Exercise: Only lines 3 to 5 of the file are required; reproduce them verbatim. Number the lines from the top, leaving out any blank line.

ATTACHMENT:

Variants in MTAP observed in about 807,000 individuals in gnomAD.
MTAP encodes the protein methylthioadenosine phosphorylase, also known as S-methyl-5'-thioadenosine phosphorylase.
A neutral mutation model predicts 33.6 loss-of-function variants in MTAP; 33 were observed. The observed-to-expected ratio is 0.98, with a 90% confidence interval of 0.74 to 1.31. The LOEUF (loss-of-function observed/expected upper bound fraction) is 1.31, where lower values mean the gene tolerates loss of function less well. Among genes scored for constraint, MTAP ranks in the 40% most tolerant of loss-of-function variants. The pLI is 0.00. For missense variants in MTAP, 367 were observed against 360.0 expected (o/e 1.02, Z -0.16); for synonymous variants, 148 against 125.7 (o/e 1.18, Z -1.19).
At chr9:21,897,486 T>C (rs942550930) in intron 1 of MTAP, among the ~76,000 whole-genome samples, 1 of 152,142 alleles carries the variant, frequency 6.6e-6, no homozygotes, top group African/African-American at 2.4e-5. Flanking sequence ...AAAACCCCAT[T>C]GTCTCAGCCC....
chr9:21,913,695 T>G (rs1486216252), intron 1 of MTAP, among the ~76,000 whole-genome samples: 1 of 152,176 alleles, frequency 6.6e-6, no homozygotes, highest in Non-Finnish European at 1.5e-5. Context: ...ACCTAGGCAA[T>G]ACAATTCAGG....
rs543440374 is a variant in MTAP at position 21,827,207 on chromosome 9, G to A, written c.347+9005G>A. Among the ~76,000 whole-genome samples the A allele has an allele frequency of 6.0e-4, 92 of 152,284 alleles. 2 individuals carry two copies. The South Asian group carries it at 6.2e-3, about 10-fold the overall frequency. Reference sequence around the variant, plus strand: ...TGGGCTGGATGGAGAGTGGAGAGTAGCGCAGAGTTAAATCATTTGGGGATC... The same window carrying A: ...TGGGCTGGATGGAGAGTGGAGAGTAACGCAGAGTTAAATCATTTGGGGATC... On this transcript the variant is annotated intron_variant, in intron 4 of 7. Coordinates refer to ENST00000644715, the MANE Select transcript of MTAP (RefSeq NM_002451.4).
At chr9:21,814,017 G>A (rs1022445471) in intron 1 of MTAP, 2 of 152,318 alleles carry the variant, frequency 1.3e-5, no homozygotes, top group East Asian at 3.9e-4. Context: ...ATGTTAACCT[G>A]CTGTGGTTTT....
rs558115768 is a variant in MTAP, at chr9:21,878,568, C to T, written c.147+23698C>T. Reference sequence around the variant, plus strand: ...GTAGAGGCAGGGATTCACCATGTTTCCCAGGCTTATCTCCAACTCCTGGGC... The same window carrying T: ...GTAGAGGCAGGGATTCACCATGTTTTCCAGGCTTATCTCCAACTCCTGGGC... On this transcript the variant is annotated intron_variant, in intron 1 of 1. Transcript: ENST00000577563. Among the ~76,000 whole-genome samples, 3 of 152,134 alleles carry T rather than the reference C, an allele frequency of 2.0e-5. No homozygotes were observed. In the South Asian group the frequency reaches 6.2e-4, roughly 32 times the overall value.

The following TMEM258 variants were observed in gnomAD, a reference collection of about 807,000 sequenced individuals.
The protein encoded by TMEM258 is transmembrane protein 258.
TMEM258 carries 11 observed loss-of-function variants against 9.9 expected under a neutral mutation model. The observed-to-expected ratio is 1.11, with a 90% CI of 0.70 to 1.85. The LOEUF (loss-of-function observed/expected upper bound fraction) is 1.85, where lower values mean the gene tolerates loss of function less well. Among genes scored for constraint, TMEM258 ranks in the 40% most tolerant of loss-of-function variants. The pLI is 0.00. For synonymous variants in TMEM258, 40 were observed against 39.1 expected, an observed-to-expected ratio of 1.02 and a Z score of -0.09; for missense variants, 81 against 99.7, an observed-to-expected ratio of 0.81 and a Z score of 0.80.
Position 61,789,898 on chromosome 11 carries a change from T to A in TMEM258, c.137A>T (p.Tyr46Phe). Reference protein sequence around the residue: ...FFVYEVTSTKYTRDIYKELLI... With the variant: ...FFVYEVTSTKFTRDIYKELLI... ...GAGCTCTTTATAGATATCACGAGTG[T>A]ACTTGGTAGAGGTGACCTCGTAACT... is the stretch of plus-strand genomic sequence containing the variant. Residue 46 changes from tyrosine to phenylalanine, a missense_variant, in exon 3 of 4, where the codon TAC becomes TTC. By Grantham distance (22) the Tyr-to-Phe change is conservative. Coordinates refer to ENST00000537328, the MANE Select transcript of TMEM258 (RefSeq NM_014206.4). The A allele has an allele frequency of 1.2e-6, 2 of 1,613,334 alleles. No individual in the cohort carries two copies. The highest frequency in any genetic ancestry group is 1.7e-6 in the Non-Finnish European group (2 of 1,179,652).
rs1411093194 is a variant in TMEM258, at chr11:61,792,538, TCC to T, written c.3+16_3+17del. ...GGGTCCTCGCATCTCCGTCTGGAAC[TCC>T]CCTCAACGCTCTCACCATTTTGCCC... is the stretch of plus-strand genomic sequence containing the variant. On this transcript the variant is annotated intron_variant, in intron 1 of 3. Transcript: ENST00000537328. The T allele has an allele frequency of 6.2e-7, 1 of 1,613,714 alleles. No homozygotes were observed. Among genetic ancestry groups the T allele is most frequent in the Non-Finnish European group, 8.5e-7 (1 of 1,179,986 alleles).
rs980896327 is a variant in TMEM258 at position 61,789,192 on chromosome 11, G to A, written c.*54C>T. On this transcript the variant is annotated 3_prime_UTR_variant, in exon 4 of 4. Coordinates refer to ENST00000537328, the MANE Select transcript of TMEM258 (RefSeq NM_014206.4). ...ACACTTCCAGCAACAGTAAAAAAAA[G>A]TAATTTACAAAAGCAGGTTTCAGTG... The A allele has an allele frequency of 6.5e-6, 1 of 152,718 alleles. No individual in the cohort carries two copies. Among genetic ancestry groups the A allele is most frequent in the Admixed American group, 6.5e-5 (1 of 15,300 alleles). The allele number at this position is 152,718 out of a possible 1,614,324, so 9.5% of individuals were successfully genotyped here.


A neutral mutation model predicts 33.6 loss-of-function variants in MTAP; 33 were observed. The observed-to-expected ratio is 0.98, with a 90% confidence interval of 0.74 to 1.31. The LOEUF (loss-of-function observed/expected upper bound fraction) is 1.31, where lower values mean the gene tolerates loss of function less well. Among genes scored for constraint, MTAP ranks in the 40% most tolerant of loss-of-function variants. The pLI is 0.00. For missense variants in MTAP, 367 were observed against 360.0 expected (o/e 1.02, Z -0.16); for synonymous variants, 148 against 125.7 (o/e 1.18, Z -1.19).
At chr9:21,897,486 T>C (rs942550930) in intron 1 of MTAP, among the ~76,000 whole-genome samples, 1 of 152,142 alleles carries the variant, frequency 6.6e-6, no homozygotes, top group African/African-American at 2.4e-5. Flanking sequence ...AAAACCCCAT[T>C]GTCTCAGCCC....
chr9:21,913,695 T>G (rs1486216252), intron 1 of MTAP, among the ~76,000 whole-genome samples: 1 of 152,176 alleles, frequency 6.6e-6, no homozygotes, highest in Non-Finnish European at 1.5e-5. Context: ...ACCTAGGCAA[T>G]ACAATTCAGG....